Understanding Biweekly Payments and Payment Frequencies

The term bi-weekly often causes confusion when it comes to mortgage or loan payments.

However, it’s quite simple. 

If you pay bi-weekly payments, you make one payment every two weeks.

That’s 26 payments annually.

Understanding Mortgage or Loan Payment Frequencies

Payment frequency can influence how much interest you pay when you borrow which directly influences your overall cost.

How often you make payments can also affect how quickly you pay off your debt.

However, lenders may not make it easy for you to decipher your options.

They’re focused on the business of lending, not what’s best for you, your lifestyle, and your goals.

Luckily, this article will help you make an informed decision as we explore the pros and cons of the most common payment frequencies offered by Canadian lenders.

1. Weekly Payments

Pros

Making a smaller payment every week can be convenient if you’re paid weekly.

You can divide your mortgage or loan payment between four periods over the course of a month, which improves cash flow.

Weekly payments will also save you a tiny amount of interest since you’re reducing your principal outstanding quicker.

Cons

Very few people receive a paycheque every week, making this method inconvenient.

The risk of bouncing a payment increases quite a bit, which is something you never want to happen.

2. Biweekly Payments

Pros

This can be a convenient option if you receive a paycheque every two weeks.

It’s easy to pay a portion from each cheque, which improves cash flow.

However, the greatest benefits of a bi-weekly payment plan is that you pay off your mortgage or loan quicker and save on interest, since you’re paying 26 payments annually (52 weeks/2). 

With only 12 months in each year, you’re paying an extra month of payments on your mortgage annually. 

Cons

Paying an extra month on your mortgage may not be an expense you can afford.

You may also have better uses for that money.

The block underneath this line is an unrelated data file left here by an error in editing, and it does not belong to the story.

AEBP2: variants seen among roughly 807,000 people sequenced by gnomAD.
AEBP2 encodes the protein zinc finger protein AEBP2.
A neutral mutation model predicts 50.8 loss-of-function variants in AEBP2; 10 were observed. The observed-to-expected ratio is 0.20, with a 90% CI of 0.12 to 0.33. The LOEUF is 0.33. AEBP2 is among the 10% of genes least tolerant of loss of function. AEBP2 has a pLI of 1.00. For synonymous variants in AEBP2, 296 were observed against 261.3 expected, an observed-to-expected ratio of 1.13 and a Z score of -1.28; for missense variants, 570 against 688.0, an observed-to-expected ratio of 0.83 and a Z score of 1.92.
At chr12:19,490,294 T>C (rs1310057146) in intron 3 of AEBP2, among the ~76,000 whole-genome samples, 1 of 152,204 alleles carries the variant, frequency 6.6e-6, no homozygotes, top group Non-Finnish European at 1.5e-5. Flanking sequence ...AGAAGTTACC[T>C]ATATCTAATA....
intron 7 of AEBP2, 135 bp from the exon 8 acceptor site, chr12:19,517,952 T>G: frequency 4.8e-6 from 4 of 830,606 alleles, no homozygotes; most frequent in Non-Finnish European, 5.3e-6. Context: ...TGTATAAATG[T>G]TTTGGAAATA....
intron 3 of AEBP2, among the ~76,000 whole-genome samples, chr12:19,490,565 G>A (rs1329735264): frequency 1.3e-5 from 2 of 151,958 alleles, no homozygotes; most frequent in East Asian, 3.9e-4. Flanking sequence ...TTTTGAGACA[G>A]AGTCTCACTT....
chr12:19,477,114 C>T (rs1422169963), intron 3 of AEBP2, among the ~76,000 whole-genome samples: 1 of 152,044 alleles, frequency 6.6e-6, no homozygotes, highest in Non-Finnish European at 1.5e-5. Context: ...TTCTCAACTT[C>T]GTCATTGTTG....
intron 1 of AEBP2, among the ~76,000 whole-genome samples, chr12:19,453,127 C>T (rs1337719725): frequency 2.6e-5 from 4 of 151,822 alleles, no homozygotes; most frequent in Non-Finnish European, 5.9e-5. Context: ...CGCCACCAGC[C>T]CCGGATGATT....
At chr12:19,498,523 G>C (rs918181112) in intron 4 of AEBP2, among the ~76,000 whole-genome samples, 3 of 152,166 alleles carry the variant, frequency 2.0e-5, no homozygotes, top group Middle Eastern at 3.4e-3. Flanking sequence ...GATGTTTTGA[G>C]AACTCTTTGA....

Calendar with stickies

3. Semimonthly Payments

Pros

You pay semi-monthly payments twice a month, usually half on the 1st and the other half on the 15th.

This can be convenient when this payment scheme aligns with your pay periods.

Cons

Interest still accumulates on the balance you haven’t paid.

As a result, this payment frequency offers little or no overall savings.

4. Monthly Payments

Pros

This is the most popular way to repay a mortgage or loan.

Payments often fall on the 1st of every month, making it easy to remember.

Your lender may allow you to switch this date for convenience too.

Cons

Since you’re only paying once a month, more interest accrues between payments.

You also pay more interest over the life of your mortgage or loan.

Examples of Different Payment Frequencies

All this is well and good, but it doesn’t give you a realistic overview of the impact of payment frequency on your mortgage.

Whether one method leads to less interest or shortens your mortgage, it doesn’t tell you by how much.

For demonstration purposes, we’ve calculated the impact on a $500,000 mortgage over a five year term.

The interest rate is 2.5% with a 25-year amortization.

Frequency Start Balance Payment Amount # of Payments Per Year End Balance
Weekly $500,000 $516.59 52 $423,206.74
Bi-Weekly $500,000 $1,033.35 26 $423,201.62
Semi-Monthly $500,000 $1,119.50 24 $423,200.77
Monthly $500,000 $2,239.83 12 $423,189.67

As you can see, making payments more frequently doesn’t make much difference even over a five year term.

They only make an impact over the course of the long amortization period. 

Plus, pouring your money into your mortgage may not be your best financial option.

You may want to invest this money, pay off debts with high interest rates, or use it to tap into new opportunities.

Biweekly vs Accelerated Biweekly Payments

Lenders calculate bi-weekly payments by multiplying your monthly payment by 12 months and then dividing the result by 26.

For instance, if your monthly mortgage payment is $1,400 your bi-weekly payment would be $646.15 ($1,400 x 12/26).

For accelerated bi-weekly mortgage payments, lenders divide your monthly payment in two and withdraw one portion every two weeks.

That’s 26 payments annually.

For instance, if your monthly mortgage payment is $1,400 your accelerated bi-weekly payment would be $700.00.

You’re paying a slightly higher amount each payment when compared to bi-weekly payments.

This reduces your principal and shortens the amortization period.

Biweekly vs Semimonthly Payments

You pay your bi-weekly mortgage or loan payment every two weeks.

That’s 26 payments annually.

You pay your semi-monthly mortgage or loan payment on two specific days of the month.

Typically, these are the 1st and 15th of the month.

That’s 24 payments annually.

Did You Know?

Your lender may allow a yearly, penalty-free lump-sum payment, most (if not all) of which will be applied to the mortgage principal amount.

Frequently Asked Questions

  • What is the best payment frequency for a mortgage?
  • Do biweekly payments shorten mortgage length?

Charlene Royston has written extensively for the private, public, and non-profit sectors for over ten years. Her experience working with a trust company led to a special interest in personal finance, including mortgages, investments, and retirement options. By simplifying the complex, she hopes to empower others to make more informed decisions.